Monday, May 08, 2017

Pre-Existing Conditions

One of the most contentious elements of the ongoing fecal maelstrom over health care is the responsibility (or not) of insurance companies to cover the treatment of pre-existing conditions. How that term is defined, and what sorts of conditions are considered "pre-existing," are at the heart of the debate.

Here is a good basic definition of pre-existing condition, taken from Investopedia: "Any personal illness or health condition that was known and existed prior to the writing and signing of an insurance contract."

Insurance companies write, price, and issue policies depending on their assessment of the relative risk to their bottom line - that is, the likelihood that they will have to pay out benefits to policyholders. It's obvious that, from a purely business perspective, an insurance company doesn't want to issue a policy to an individual if they already know that individual represents a bad risk - will cost the company far more in benefits than the individual has paid in premiums. The assessment of risk is why auto insurance companies charge more to insure a teenage male driver than a middle-aged female, or cancel the policies of persons whose record shows multiple accidents for which they are at fault. It's why property insurers charge more to protect homes built on top of earthquake fault lines or in areas prone to wildfires.

Health insurance is a bit different, though. Obviously, it's cheaper and a much better risk to insure a person who is young and fit and less likely to need medical care than to insure an older person who, in the natural scheme of things, is probably more prone to conditions which will require increasingly expensive treatment. The paradox is that young, fit people who think they'll live forever don't want to waste* money on insurance ... but later on, when they're older and really need it, they'll have accumulated a raft of pre-existing conditions that may price the necessary coverage out of their reach.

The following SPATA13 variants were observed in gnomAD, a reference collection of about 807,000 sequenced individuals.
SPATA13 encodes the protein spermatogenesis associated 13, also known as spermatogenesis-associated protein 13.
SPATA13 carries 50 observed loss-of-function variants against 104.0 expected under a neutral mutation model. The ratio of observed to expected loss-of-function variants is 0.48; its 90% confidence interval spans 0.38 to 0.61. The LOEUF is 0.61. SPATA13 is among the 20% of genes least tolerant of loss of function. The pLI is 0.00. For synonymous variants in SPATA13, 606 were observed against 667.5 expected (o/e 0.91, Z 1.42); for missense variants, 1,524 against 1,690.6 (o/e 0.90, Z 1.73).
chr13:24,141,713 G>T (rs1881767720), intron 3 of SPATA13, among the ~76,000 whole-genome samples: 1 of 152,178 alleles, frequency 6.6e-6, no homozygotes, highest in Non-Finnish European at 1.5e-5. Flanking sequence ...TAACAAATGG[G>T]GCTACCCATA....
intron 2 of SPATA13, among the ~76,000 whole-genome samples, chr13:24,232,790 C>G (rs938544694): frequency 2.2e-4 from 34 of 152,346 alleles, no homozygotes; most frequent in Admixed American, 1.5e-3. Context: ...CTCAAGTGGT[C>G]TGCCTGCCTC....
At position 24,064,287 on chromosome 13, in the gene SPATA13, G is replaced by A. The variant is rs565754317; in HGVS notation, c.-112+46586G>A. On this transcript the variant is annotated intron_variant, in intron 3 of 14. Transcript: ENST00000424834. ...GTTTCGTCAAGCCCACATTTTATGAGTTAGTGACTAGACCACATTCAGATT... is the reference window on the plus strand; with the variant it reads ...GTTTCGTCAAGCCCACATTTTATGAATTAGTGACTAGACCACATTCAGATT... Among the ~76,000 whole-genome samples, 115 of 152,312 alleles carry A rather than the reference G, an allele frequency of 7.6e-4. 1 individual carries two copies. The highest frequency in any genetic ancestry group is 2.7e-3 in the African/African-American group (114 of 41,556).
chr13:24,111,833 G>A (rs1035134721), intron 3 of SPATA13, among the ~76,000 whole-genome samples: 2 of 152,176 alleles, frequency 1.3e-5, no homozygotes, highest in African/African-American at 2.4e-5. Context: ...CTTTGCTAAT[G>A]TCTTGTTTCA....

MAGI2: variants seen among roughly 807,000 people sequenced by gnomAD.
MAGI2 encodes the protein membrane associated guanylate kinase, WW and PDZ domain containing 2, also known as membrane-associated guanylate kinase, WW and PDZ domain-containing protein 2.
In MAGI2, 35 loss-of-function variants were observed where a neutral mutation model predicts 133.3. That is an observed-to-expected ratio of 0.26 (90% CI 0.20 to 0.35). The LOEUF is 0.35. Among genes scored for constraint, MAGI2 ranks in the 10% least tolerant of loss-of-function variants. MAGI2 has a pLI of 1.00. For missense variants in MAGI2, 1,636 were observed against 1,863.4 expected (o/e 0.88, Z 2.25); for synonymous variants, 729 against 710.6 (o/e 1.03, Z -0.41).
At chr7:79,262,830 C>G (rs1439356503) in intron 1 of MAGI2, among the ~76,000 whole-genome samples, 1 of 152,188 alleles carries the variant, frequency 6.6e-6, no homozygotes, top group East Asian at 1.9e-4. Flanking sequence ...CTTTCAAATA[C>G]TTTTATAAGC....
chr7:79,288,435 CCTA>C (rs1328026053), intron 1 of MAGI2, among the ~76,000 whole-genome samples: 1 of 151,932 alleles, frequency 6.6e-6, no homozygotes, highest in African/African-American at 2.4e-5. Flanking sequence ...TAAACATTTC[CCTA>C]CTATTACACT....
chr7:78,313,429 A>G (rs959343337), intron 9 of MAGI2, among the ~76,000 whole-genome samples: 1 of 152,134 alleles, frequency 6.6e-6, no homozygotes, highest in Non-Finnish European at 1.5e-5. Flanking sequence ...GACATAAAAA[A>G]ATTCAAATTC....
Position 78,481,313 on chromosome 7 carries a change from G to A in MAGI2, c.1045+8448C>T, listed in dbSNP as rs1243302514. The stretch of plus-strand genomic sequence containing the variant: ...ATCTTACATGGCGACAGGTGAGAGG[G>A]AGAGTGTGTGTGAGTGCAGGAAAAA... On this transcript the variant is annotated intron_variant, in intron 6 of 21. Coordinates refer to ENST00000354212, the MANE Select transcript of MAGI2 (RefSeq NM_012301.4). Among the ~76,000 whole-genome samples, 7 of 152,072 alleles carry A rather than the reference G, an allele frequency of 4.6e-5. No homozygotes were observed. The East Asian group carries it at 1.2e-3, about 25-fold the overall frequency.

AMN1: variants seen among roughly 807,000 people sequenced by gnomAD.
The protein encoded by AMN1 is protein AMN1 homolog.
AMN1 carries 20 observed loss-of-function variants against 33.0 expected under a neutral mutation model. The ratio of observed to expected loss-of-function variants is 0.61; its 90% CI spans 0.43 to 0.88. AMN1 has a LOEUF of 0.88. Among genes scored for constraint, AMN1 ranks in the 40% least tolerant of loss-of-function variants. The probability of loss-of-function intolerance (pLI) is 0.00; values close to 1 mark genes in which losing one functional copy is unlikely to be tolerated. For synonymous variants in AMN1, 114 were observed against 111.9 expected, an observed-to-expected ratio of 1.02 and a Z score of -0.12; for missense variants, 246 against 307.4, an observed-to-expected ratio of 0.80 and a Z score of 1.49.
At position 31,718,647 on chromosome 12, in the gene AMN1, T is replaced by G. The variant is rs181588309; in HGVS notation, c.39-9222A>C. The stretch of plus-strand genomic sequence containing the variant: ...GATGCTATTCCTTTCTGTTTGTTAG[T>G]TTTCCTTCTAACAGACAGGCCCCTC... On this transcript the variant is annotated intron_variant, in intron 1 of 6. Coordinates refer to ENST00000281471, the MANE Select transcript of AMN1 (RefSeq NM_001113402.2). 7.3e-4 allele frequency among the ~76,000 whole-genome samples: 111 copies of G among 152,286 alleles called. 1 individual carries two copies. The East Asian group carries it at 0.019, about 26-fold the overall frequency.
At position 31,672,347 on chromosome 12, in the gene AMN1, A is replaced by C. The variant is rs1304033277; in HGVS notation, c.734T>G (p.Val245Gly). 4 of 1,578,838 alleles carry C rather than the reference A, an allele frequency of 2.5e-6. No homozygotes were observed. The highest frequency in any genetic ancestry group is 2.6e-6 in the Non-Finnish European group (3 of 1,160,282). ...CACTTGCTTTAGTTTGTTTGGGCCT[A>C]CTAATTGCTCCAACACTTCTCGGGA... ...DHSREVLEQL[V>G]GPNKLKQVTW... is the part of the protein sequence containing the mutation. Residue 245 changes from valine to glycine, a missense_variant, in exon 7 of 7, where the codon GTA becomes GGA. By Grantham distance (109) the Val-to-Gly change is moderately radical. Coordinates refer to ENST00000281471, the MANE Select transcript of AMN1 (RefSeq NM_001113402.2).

What are some of the pre-existing conditions that are sometimes cited by insurance companies as justification for higher rates, or for the denial of coverage altogether? Here are some of the commonly-cited conditions which have resulted in automatic denial of coverage**:

Alcohol or drug abuse with recent treatment;
Cerebral palsy;
Congestive heart failure;
Coronary artery/heart disease, bypass surgery;
Crohn’s disease;
Kidney disease, renal failure;
Mental disorders (including Anxiety, Bipolar Disorder, Depression, Obsessive Compulsive Disorder, Schizophrenia);
Multiple sclerosis;
Muscular dystrophy;
Organ transplant;
Parkinson’s disease;
Pending surgery or hospitalization;
Pneumocystic pneumonia;
Pregnancy or expectant parent (includes men);
Sleep apnea;
Stroke; and,

That's quite a list, and I'm pretty sure that it covers a significant portion of the population. I'm just glad that my arthritis and sleep apnea were diagnosed well after I'd already obtained my insurance, or I'd be up the creek without a medical paddle.

There are a few other conditions I'm surprised aren't on the list. They include:

Life (after all, if you weren't alive, you wouldn't need to worry about health care);

Poverty (which will, in many cases, prevent you from obtaining the routine care that will prevent the development of other pre-existing conditions); and,

Stupidity (which prevents you from recognizing that you are being screwed by the health care insurance system, and allows you to vote for elected officials who do not have your best interests at heart).

Oh, and it should be noted that while mental disorders are considered a pre-existing condition which will preclude the purchase of health insurance, they are not considered serious enough to preclude the purchase of firearms*** (see Stupidity, above).

If you suffer from anything on this list, or any other list maintained by any of the 50 states or any insurance provider, good luck. You're on your own.

Have a good day. More thoughts tomorrow.


* From their perspective.

** From a December 2016 report on the topic from the Kaiser Family Foundation. You can see the list in context and read the full report here.

*** Not completely accurate, but close.


John Hill said...


Elvis Wearing a Bra on His Head said...

Stupidity and unwillingness to accept facts are two major preexisting conditions.

Mike said...

I don't know if universal healthcare will get passed in our lifetime.

Gonzo Dave said...


allenwoodhaven said...